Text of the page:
Oklahoma GOP chair 'triples down' claims that vaccine passports will lead to Nazi 'gas chambers': report
Earlier this week, Oklahoma Republican Party chair John Bennett remained defiant and refused to apologize as Republican officials blasted him for comparing vaccine passports to Nazi yellow star patches, and suggesting they would lead to "gas chambers."
On Wednesday, News9 reported that Bennett is still defending his remarks. Bennett released a pre-recorded video urging the GOP to "take the gloves off," and warning "we will take our cities, our counties, and this state back."
As the report noted, however, the idea of taking Oklahoma back doesn't make much sense, since "in Oklahoma, all 77 counties twice voted for Donald Trump, Republicans have supermajorities in the House and Senate, all seven members of Congress are Republicans and both major cities are led by Republican mayors."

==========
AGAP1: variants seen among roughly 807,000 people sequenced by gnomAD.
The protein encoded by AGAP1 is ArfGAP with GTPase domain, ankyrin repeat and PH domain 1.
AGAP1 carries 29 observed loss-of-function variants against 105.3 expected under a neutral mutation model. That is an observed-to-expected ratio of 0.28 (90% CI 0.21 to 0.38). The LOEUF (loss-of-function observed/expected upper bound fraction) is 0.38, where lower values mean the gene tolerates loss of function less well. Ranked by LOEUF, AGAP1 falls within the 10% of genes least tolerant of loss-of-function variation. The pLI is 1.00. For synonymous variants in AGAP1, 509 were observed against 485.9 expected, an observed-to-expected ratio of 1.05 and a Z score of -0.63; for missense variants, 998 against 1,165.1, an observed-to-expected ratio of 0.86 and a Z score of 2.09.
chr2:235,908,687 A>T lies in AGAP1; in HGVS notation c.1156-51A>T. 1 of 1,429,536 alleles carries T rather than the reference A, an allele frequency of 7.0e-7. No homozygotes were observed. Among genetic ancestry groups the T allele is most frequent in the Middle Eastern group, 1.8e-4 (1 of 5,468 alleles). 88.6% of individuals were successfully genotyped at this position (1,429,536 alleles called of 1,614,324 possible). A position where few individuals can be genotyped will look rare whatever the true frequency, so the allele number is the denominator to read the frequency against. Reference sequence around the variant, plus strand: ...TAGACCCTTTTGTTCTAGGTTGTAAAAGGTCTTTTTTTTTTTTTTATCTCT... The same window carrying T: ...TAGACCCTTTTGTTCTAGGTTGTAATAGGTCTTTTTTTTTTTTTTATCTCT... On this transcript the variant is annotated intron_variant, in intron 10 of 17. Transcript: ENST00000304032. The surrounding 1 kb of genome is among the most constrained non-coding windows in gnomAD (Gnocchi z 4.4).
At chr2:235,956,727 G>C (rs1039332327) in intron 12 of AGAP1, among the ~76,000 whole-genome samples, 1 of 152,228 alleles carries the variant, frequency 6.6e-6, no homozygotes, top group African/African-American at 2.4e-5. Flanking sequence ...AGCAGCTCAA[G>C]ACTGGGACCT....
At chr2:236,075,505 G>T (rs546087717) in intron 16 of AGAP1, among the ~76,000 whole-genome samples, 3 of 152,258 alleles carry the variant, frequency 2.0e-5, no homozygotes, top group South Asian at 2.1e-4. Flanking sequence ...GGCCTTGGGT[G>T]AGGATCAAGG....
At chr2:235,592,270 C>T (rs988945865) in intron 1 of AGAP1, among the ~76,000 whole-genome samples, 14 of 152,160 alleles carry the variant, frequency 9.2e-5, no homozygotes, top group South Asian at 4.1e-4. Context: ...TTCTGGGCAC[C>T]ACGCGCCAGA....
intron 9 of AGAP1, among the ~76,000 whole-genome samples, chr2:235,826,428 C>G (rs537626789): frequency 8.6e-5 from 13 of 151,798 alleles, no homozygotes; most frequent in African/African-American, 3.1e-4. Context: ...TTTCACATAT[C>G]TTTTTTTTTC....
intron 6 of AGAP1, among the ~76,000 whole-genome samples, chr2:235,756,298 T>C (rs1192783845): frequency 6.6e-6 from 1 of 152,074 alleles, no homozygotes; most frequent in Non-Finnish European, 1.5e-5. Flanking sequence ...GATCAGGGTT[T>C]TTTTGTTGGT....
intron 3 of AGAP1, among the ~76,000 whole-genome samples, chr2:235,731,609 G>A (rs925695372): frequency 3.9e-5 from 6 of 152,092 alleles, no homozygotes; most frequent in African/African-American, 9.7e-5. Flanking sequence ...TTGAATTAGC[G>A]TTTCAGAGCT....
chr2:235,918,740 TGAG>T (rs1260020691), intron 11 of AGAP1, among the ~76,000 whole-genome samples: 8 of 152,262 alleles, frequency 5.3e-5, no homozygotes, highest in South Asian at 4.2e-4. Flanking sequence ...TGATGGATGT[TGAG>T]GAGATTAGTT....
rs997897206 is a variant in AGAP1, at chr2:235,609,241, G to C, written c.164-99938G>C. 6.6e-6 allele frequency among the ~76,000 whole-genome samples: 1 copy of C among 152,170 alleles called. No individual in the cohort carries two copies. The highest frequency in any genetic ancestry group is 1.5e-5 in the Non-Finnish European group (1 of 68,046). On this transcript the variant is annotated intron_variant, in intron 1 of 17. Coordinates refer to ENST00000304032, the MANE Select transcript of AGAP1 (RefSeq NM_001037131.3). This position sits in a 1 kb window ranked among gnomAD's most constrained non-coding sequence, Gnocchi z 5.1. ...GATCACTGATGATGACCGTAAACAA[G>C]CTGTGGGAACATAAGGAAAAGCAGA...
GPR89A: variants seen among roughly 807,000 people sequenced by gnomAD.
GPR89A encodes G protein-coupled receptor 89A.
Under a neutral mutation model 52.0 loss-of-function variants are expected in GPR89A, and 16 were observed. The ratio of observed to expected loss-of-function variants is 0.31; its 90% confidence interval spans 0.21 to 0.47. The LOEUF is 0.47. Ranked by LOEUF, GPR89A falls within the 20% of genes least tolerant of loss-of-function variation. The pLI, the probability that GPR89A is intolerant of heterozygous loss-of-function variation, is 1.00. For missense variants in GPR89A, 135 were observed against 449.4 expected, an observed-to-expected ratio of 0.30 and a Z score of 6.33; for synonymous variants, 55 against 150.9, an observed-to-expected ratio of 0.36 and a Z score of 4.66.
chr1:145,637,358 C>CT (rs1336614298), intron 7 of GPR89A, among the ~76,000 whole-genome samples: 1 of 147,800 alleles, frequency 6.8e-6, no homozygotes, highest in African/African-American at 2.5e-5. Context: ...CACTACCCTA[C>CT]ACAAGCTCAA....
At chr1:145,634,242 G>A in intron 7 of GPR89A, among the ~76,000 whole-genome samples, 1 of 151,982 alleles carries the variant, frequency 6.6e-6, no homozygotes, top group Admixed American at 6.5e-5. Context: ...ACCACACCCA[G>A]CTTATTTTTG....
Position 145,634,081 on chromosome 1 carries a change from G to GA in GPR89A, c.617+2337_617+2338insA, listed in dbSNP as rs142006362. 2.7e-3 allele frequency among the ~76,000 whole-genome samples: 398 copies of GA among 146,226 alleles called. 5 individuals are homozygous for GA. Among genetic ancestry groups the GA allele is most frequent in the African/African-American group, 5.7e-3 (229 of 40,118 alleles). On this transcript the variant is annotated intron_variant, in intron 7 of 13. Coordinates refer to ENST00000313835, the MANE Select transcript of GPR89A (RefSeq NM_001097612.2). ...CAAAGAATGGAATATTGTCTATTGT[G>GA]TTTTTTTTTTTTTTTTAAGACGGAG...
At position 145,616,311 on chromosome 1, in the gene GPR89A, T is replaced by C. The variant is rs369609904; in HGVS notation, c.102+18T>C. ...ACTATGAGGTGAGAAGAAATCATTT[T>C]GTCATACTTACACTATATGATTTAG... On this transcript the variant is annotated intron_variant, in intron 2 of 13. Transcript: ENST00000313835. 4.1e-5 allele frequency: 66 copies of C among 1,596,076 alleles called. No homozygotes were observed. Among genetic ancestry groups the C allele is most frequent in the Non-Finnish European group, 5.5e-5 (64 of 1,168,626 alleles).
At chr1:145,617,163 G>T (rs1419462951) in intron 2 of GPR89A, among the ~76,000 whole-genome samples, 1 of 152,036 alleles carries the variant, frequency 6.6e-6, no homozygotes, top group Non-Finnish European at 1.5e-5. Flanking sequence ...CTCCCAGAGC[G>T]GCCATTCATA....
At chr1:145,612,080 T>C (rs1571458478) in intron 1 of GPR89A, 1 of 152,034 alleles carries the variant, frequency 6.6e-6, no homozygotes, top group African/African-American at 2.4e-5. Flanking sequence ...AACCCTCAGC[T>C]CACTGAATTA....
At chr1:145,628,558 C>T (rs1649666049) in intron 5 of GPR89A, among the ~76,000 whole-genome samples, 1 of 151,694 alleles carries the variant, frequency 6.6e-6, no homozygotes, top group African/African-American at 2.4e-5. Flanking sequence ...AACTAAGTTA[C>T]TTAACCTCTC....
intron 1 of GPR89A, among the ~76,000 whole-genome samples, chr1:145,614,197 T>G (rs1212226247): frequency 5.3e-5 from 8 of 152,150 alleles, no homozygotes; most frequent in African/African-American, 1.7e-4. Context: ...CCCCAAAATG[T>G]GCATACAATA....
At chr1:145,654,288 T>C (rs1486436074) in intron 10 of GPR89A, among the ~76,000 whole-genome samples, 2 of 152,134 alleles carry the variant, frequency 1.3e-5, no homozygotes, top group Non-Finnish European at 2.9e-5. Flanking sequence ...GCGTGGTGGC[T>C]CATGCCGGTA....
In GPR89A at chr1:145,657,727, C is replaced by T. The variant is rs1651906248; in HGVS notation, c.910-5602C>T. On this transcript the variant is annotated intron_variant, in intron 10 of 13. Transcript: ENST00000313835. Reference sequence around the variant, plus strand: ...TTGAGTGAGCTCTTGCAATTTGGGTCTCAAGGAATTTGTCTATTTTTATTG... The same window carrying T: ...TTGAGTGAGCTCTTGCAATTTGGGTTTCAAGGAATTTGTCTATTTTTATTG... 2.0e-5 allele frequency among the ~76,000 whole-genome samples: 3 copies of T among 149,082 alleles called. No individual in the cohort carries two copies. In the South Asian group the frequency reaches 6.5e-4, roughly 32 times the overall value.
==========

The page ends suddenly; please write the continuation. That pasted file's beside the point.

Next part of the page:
According to the the report, several prominent Oklahoma GOP officials are condemning Bennett's remarks. Gov. Kevin Stitt, Sens. Jim Inhofe and James Lankford, Rep. Markwayne Mullin, and the leaders of both chambers of the Oklahoma legislature signed onto a statement calling vaccine/Holocaust comparisons "irresponsible and wrong," and adding, "People should have the liberty to choose if they take the vaccine, but we should never compare the unvaccinated to the victims of the Holocaust."
Bennett has a history of incendiary remarks. He has repeatedly attacked Muslims, claiming Christians who live around them should be "wary" of being beheaded and forcing Muslims who want to meet with him to fill out a questionnaire asking whether they beat their wives.